A landing page could be the simplest page on your website. It could also be the one that has the greatest impact on how well your business does.
When new users arrive at your website, they will likely only stay there for a few seconds. They will either click off – OR – follow your call to action (CTA). Every aspect of your landing page should be optimized for conversion, so here are six tips to help you arrive at the perfect landing page.
1. Stick to a Single Goal
The purpose of a landing page is to convert, meaning you want users to do whatever your call to action asks of them.
Your CTA should be the most prominent feature of your landing page. It should be by far the most prominent text on the page and be located near the top. The first step in the landing page design process is figuring out what you want users to do.
Do you want users to sign up for an email list or newsletter? If that’s the case, then there should be an area where they can input their email address, such as in the example below:
The CTA could also be a single button. Maybe a “Schedule a Free Consultation” button directs users to a calendar feature where they can select a time slot.
Whatever the CTA, just make sure there’s only one on the page. Give users a clear direction. If there are multiple CTAs you’re torn between, you can always perform A/B testing to find out which one has the higher conversion rate.
2. Keep it Distraction-Free
The name of the game is simplicity. Having established that we’re trying to stick to a single goal, you don’t want to include unnecessary information. Landing pages should generally be light on copy. It’s okay to have some text, but don’t overwhelm the user. The page’s purpose is just to keep the user’s attention and compel them to act upon your CTA.
3. Include Either Pictures or Illustrations
It’s imperative that the landing page keep peoples’ attention. For that reason, the visual element of landing pages is probably the most important. While there are some creative ways to get away with not using pictures, that’s the exception to the rule.
It’s generally a best practice to include a compelling visual. This could be a still image, illustration, or even an animation that makes up the background. Here’s an example of how even a simple design can be visually engaging:
The background is just a single still image, but it works. The colors of the flowers are vibrant and varied, and it clearly points to the product Native Poppy sells. As with most aspects of landing pages, less can definitely be more.
4. Integrate Video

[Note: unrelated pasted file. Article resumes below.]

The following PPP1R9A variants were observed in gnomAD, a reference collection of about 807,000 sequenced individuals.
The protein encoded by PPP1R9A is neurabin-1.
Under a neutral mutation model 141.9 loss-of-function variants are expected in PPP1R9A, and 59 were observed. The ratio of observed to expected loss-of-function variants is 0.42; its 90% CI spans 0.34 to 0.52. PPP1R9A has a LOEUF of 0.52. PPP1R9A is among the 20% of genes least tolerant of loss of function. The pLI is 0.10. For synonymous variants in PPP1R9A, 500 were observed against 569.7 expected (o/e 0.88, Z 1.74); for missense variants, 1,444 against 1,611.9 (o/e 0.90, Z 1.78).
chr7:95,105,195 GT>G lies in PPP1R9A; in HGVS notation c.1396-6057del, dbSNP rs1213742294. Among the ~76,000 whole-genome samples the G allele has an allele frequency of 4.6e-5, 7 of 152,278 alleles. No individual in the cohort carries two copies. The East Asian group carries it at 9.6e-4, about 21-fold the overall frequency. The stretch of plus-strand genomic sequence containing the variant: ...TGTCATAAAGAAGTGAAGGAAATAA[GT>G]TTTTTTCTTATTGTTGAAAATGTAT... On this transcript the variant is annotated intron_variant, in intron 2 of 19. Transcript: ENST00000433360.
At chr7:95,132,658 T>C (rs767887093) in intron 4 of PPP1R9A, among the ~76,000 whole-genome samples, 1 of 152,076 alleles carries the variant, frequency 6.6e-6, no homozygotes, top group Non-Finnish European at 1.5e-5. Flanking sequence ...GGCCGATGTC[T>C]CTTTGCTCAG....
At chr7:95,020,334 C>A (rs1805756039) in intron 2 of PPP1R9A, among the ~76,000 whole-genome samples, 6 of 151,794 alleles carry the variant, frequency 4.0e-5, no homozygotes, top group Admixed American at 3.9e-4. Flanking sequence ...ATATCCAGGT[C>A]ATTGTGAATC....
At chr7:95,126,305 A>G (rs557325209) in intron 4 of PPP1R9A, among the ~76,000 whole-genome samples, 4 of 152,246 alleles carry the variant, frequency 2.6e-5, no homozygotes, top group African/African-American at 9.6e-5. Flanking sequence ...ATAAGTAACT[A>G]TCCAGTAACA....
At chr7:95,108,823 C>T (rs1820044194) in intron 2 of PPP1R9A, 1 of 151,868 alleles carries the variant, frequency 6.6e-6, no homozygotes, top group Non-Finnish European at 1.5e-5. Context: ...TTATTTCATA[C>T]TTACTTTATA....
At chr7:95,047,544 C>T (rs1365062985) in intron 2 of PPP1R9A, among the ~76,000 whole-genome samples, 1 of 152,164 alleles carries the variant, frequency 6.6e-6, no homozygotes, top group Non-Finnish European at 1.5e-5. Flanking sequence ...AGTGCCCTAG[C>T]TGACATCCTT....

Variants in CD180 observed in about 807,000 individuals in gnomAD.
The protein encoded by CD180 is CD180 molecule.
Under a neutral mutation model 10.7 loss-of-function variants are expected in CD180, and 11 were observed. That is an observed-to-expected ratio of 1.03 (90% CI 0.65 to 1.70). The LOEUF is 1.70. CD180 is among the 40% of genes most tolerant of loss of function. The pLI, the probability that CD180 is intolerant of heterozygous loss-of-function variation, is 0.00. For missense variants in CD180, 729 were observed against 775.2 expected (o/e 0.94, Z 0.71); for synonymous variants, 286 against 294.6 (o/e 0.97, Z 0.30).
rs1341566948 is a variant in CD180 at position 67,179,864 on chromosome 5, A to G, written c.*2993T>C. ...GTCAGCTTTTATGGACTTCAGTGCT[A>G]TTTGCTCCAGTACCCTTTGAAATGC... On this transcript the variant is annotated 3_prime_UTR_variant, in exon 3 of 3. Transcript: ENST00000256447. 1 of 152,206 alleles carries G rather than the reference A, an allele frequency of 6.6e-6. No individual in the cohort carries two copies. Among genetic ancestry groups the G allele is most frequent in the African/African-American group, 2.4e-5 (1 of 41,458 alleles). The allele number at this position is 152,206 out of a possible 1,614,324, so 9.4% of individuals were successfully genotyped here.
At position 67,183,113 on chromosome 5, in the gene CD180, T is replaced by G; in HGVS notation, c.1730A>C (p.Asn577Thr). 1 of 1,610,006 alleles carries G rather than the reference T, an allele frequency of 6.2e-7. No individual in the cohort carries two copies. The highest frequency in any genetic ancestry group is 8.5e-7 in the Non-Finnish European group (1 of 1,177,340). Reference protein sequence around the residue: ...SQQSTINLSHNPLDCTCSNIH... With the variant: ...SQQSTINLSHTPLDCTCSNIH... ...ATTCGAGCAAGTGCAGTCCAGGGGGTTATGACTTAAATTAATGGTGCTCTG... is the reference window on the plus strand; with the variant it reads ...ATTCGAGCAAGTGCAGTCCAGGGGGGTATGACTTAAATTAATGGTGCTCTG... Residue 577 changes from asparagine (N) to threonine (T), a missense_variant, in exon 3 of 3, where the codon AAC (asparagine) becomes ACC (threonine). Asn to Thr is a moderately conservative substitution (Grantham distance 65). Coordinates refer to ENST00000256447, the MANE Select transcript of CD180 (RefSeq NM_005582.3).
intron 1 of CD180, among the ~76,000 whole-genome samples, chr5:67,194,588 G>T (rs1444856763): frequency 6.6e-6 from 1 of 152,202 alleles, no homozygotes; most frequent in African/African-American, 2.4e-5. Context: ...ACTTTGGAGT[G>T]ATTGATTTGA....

Including a video is an excellent way to increase the time users spend on the page. If your business or nonprofit already has a YouTube video summarizing its goals, it’s easy to embed it in a web page using WordPress.
This method is especially effective if you have a lot of information you want to convey. Videos are usually more engaging than written text and can communicate the same amount of information while taking up less space on the page. If you do include a video, it will likely be the page’s centerpiece.
If there’s a video on the page, having a section where people can type their email addresses to sign up for a newsletter would make it too busy. It’s an either-or situation.
5. Include a Statistic in the Page’s Copy
Yes, #2 on this list is to keep the page distraction-free. As long as you’re limiting the page to just a single sentence of copy below the CTA, then including a statistic in that sentence could make a compelling case for your business.
A statistic like “Our clients see a 15% increase in sales on average” is a compelling argument for why people should use your services in just a few words. Pairing it with a CTA like “Schedule an Initial Consultation” should be easy money. Of course, just make sure your statistic is accurate.
6. Link to Social Media Accounts
The whole thesis of this – and any other blogs we’ve written about landing pages – is to keep them distraction-free, but linking social media accounts would do little to clutter up the page.
For the space it takes up, including the Twitter, Instagram, Facebook, and LinkedIn icons, it also has tremendous potential to lead to repeat business. A glance at your social channels would give users a better idea of your services and brand identity better than any landing page could.
If the landing page in question is the website’s homepage or part main wireframe, you could put the social icons in the header next to the main navigation.
There’s also the option to put them on a footer, even one that stays on-screen as the user scrolls. Here’s an example of how to include them below the page’s copy:
Rather than the standard buttons linking to social media that are more-or-less just the logos, Nauto decided to go with round buttons that better fit the page’s overall aesthetic.
While not really considered a best practice, there are plenty of original ways to seamlessly integrate social media icons into a background illustration. You could match the colors of the icons to its background while giving them strong outlines. That way, they’ll be clearly visible, but not stick out like a sore thumb against a beautifully designed background.